Civilization began to thin out, houses appearing further apart until finally Jacob couldn’t see a dwelling anywhere. The sidewalk and roads were gone and he trudged through mud and flattened yellow grass. A storm had come through—he’d been caught in it the day before and had thought he’d be killed when he saw a tornado touch down. It’d swerved away from him, never been that close to him, but it had terrified Jacob none the less.
Funny, that, since he didn’t particularly fear death itself. He’d just rather not have a tornado do him in.
That’s when it hit Jacob--
He’d lost the scent. He stopped in the middle of a swampy field and sniffed. Nothing but mud and weeds greeted his nose.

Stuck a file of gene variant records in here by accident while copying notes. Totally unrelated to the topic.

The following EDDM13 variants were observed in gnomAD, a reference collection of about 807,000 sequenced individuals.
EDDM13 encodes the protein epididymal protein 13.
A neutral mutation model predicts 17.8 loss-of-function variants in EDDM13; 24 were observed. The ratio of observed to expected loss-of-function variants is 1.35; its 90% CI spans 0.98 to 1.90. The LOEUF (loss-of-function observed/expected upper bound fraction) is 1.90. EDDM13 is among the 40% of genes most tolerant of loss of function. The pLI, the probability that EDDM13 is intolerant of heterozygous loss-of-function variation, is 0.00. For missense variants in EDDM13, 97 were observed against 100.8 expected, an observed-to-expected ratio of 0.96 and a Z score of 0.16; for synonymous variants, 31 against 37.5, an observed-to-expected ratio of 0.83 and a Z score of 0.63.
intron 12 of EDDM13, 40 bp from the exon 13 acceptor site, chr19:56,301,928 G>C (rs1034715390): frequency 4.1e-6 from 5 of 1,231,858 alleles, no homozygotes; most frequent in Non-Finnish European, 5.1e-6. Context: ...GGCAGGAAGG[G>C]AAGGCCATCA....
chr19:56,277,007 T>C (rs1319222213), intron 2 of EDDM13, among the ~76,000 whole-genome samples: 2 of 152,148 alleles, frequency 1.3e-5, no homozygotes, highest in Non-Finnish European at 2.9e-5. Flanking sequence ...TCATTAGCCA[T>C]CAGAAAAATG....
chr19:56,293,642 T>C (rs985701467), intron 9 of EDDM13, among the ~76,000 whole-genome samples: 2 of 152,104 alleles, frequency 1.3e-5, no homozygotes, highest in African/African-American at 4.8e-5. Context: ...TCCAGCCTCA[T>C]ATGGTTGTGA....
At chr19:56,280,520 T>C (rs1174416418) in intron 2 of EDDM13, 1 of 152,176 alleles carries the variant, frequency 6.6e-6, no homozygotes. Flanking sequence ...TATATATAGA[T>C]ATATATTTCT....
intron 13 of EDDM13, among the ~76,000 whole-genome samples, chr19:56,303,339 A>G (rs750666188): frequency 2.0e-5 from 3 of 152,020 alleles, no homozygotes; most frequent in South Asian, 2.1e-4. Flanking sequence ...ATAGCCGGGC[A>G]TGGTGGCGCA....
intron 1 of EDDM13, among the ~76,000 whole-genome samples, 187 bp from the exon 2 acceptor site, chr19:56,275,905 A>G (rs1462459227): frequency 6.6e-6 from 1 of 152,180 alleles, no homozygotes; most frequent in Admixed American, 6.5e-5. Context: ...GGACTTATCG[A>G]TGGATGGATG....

No, there was something else. Something old, ancient, musty and…dangerous.
Jacob stiffened as movement about thirty feet away caught his eye.
“Oh fuck,” he rasped, goose bumps breaking out all over his body. He went numb, cold, then hot as he took a step back. He couldn’t look away from the monster coming toward him.
Run run run fucking run! his brain screamed at him. He’d never seen a crocodile before that moment, and utter terror held him prisoner for a second before the survival instinct he’d almost given up on kicked in.
Jacob shrieked and turned, leaping, running, flailing, his body uncoordinated for the first few strides until finally, finally, his limbs got their shit together.
And Jacob ran, and ran, and ran until his lungs screamed with pain, his vision blurred, and he couldn’t run anymore.
Then he crawled, and he knew if any other predator was out there with him, he’d never survive the coming night.